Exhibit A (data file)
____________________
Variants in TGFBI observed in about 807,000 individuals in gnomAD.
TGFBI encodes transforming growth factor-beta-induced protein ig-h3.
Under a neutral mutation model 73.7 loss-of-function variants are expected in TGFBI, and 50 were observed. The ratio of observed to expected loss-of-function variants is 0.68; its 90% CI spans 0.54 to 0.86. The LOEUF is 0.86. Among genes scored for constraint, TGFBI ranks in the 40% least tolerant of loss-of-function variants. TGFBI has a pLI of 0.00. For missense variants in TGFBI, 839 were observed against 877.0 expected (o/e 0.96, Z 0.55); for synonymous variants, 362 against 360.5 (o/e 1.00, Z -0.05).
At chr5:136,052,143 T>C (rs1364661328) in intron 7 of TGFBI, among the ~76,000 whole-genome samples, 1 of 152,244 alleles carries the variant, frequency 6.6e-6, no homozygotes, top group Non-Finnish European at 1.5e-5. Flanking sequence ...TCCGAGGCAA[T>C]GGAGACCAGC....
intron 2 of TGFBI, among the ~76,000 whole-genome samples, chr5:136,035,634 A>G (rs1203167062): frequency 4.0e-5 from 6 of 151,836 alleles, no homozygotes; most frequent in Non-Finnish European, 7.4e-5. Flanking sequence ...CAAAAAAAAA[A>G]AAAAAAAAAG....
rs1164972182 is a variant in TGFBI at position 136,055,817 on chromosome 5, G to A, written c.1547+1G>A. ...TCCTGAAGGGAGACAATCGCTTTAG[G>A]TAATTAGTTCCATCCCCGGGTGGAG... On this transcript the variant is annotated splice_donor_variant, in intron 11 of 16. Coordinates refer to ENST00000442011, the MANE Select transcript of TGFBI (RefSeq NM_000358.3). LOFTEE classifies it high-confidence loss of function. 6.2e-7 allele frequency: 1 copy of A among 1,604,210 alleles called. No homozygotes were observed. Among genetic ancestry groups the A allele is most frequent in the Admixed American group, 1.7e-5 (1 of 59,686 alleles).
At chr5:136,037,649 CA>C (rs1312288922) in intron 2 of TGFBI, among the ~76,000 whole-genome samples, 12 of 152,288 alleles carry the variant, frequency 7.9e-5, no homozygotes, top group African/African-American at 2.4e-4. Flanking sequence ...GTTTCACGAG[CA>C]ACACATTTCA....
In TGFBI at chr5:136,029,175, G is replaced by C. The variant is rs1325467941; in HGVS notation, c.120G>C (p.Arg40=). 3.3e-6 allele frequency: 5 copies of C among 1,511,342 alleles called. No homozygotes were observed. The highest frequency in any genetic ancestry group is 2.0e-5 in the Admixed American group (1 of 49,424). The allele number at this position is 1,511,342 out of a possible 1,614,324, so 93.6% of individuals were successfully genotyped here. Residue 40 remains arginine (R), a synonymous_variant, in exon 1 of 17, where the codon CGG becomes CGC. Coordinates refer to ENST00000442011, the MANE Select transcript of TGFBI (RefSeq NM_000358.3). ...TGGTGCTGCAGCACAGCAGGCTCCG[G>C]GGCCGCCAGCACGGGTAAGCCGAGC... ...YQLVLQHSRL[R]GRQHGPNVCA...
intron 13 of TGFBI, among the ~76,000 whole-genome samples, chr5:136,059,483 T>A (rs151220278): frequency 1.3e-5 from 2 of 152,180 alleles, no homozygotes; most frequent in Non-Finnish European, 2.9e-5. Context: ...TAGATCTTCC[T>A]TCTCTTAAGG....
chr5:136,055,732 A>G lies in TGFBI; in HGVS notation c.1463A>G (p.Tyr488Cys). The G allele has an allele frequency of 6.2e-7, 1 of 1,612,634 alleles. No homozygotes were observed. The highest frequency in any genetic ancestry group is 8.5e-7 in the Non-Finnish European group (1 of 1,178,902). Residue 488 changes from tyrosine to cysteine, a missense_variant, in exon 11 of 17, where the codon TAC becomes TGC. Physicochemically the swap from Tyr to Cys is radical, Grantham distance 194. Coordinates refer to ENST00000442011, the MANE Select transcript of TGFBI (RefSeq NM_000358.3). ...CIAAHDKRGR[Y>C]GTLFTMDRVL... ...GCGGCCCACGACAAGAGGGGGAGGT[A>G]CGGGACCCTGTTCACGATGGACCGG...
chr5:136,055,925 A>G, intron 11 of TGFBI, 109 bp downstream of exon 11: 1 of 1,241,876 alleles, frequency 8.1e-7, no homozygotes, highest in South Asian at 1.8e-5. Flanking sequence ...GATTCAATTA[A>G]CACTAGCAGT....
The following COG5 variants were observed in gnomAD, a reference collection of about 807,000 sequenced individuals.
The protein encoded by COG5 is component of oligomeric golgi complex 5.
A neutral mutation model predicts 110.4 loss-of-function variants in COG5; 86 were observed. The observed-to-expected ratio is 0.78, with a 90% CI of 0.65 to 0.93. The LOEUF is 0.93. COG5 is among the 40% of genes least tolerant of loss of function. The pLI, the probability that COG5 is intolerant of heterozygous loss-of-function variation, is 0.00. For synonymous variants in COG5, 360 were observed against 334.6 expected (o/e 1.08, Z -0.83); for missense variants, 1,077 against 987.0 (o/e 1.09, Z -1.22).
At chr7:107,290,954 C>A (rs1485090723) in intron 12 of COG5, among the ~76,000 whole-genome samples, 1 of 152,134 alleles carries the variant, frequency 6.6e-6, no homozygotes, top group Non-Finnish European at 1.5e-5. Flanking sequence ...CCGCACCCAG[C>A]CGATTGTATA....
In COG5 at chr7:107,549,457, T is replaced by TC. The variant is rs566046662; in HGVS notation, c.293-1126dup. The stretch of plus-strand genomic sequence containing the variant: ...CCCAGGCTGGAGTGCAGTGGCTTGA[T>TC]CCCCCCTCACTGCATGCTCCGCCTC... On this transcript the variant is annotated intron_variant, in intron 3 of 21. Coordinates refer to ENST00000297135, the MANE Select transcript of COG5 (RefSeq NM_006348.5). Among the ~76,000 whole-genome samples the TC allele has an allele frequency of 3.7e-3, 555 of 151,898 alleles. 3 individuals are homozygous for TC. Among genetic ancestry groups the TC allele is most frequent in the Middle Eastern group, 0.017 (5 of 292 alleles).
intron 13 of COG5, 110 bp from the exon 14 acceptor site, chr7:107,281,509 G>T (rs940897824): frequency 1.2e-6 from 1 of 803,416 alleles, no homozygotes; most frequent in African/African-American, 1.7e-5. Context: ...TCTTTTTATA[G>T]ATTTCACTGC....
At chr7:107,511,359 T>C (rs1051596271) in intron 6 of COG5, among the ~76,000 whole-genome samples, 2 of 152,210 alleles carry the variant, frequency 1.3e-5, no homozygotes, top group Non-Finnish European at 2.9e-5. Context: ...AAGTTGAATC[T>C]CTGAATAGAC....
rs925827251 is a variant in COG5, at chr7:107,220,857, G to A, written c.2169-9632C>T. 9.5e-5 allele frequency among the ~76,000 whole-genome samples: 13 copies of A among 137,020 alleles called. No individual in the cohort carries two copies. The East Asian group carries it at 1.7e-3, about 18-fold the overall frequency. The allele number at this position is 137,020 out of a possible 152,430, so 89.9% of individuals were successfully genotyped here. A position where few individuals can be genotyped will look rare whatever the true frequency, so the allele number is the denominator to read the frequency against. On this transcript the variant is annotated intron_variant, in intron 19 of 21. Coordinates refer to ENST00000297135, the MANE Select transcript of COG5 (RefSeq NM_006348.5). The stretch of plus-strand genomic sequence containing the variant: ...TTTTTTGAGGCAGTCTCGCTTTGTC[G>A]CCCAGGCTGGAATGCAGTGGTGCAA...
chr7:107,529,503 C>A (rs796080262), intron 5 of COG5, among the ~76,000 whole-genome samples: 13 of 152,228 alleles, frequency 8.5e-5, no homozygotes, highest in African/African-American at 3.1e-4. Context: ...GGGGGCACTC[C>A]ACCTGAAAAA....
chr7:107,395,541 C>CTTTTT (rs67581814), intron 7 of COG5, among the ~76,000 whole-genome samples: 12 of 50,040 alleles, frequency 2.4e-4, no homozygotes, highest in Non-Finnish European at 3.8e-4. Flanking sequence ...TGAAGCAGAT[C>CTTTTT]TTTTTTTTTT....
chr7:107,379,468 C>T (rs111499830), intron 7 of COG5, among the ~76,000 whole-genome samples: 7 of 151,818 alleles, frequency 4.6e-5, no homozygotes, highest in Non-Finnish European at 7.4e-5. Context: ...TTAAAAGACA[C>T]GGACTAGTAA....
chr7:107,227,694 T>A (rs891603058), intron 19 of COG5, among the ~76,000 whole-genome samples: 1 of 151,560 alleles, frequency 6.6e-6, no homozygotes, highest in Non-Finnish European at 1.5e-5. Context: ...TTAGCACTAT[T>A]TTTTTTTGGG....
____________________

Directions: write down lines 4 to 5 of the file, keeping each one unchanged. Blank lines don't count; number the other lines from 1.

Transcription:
At chr5:136,052,143 T>C (rs1364661328) in intron 7 of TGFBI, among the ~76,000 whole-genome samples, 1 of 152,244 alleles carries the variant, frequency 6.6e-6, no homozygotes, top group Non-Finnish European at 1.5e-5. Flanking sequence ...TCCGAGGCAA[T>C]GGAGACCAGC....
intron 2 of TGFBI, among the ~76,000 whole-genome samples, chr5:136,035,634 A>G (rs1203167062): frequency 4.0e-5 from 6 of 151,836 alleles, no homozygotes; most frequent in Non-Finnish European, 7.4e-5. Flanking sequence ...CAAAAAAAAA[A>G]AAAAAAAAAG....